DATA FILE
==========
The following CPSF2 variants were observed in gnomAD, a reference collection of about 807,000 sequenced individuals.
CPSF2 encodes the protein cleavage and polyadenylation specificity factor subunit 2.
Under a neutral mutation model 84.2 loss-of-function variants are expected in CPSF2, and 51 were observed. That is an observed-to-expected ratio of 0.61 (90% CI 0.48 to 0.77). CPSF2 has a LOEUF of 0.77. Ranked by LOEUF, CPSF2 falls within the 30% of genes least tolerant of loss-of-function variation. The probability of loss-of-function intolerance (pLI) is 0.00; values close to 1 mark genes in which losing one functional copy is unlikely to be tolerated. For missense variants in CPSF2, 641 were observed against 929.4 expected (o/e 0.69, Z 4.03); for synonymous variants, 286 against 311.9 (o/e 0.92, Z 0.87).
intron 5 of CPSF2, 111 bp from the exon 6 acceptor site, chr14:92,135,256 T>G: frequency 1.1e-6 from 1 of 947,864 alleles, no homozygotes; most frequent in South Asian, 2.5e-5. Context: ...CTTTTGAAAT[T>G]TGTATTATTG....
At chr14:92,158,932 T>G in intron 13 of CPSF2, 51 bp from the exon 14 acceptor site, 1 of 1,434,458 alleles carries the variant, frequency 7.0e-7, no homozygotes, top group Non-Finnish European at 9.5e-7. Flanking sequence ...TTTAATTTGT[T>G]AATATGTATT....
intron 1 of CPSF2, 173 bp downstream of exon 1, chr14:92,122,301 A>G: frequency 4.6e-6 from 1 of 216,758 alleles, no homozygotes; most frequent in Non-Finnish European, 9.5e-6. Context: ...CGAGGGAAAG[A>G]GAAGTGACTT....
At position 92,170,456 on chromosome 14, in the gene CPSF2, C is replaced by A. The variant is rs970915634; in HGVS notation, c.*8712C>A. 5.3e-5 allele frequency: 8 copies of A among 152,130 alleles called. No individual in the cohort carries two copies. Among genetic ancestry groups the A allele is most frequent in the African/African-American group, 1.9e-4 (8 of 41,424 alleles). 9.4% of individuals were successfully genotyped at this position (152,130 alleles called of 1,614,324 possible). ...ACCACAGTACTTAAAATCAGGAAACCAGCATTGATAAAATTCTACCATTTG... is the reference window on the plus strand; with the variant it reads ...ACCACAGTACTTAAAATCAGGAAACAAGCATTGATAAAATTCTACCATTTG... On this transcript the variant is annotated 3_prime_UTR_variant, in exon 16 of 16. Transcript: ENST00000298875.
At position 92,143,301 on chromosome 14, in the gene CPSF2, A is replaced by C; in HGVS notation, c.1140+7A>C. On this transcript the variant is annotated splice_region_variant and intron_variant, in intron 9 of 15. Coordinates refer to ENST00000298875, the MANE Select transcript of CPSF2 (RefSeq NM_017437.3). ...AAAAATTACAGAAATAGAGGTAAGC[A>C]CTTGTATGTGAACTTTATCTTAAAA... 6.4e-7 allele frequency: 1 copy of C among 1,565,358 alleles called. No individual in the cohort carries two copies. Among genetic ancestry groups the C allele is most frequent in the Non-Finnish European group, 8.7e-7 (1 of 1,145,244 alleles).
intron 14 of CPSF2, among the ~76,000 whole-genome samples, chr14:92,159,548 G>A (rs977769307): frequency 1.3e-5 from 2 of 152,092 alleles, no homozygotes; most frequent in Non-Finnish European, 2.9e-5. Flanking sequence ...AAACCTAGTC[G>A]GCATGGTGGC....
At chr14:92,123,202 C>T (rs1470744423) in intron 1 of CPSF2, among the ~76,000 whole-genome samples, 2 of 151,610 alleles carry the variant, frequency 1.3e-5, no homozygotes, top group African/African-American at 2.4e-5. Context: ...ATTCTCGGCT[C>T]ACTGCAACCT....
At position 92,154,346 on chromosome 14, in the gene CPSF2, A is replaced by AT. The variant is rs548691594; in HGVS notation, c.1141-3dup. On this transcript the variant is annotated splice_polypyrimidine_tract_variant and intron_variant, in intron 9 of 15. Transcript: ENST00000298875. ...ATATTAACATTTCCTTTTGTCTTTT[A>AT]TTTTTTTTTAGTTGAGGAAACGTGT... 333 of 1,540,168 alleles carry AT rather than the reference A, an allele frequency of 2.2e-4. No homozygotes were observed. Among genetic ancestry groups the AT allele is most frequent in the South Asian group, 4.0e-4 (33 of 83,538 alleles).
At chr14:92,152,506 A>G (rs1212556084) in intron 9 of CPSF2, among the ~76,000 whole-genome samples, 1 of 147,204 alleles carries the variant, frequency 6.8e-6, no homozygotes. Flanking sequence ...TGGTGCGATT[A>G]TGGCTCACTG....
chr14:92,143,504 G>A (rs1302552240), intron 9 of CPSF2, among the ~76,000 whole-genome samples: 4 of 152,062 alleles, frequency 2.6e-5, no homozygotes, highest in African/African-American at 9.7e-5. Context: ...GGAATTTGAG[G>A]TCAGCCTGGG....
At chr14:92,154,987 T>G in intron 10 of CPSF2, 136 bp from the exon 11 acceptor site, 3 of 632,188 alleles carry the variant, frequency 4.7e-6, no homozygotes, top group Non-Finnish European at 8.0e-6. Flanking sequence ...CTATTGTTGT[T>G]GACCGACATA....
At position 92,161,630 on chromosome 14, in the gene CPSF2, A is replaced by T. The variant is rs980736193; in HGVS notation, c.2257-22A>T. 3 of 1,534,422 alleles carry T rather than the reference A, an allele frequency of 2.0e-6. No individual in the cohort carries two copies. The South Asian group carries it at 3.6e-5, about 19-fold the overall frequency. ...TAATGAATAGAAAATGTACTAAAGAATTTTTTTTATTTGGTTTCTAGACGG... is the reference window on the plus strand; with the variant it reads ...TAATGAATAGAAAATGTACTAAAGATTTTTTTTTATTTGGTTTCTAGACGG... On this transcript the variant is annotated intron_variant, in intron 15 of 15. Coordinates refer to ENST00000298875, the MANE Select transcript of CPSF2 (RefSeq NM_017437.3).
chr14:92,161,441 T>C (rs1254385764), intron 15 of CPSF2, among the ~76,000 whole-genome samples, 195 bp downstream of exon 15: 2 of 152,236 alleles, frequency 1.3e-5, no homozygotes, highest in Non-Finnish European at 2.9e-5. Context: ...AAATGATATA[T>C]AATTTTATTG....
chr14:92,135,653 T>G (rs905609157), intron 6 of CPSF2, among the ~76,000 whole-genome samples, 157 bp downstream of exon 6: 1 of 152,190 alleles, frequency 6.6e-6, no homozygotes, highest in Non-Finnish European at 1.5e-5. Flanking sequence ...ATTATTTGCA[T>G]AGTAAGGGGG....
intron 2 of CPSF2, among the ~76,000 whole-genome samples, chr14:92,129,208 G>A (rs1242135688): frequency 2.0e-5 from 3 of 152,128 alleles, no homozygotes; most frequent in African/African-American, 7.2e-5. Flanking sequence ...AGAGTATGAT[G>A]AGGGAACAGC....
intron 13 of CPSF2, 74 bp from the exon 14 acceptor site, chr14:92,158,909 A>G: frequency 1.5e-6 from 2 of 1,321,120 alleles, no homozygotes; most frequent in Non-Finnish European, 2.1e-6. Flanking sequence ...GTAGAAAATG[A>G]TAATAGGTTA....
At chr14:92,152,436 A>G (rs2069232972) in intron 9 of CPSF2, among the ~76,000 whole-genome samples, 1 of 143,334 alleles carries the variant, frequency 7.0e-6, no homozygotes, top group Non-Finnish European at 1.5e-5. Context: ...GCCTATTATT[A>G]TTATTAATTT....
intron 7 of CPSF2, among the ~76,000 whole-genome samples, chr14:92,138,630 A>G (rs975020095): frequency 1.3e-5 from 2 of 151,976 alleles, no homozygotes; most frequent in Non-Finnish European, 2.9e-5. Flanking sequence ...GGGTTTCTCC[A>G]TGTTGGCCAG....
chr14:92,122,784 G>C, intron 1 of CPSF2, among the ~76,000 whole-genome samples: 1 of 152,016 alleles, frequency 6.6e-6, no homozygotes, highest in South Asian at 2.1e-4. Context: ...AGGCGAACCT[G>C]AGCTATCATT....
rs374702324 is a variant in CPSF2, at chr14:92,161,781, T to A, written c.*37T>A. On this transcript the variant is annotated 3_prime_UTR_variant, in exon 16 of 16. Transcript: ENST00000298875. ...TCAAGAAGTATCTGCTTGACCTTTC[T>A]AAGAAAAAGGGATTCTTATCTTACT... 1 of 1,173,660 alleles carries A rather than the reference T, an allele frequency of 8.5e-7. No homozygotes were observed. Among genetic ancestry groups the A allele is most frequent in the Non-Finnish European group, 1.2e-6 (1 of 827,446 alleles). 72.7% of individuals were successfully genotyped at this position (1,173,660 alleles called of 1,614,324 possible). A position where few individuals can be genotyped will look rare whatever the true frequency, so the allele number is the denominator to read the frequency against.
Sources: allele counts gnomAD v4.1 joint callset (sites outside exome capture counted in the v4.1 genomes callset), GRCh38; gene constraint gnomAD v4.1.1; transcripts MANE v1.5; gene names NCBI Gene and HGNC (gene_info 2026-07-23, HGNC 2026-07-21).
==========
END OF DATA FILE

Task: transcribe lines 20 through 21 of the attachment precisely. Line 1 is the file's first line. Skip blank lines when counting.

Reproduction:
At chr14:92,152,436 A>G (rs2069232972) in intron 9 of CPSF2, among the ~76,000 whole-genome samples, 1 of 143,334 alleles carries the variant, frequency 7.0e-6, no homozygotes, top group Non-Finnish European at 1.5e-5. Context: ...GCCTATTATT[A>G]TTATTAATTT....
intron 7 of CPSF2, among the ~76,000 whole-genome samples, chr14:92,138,630 A>G (rs975020095): frequency 1.3e-5 from 2 of 151,976 alleles, no homozygotes; most frequent in Non-Finnish European, 2.9e-5. Flanking sequence ...GGGTTTCTCC[A>G]TGTTGGCCAG....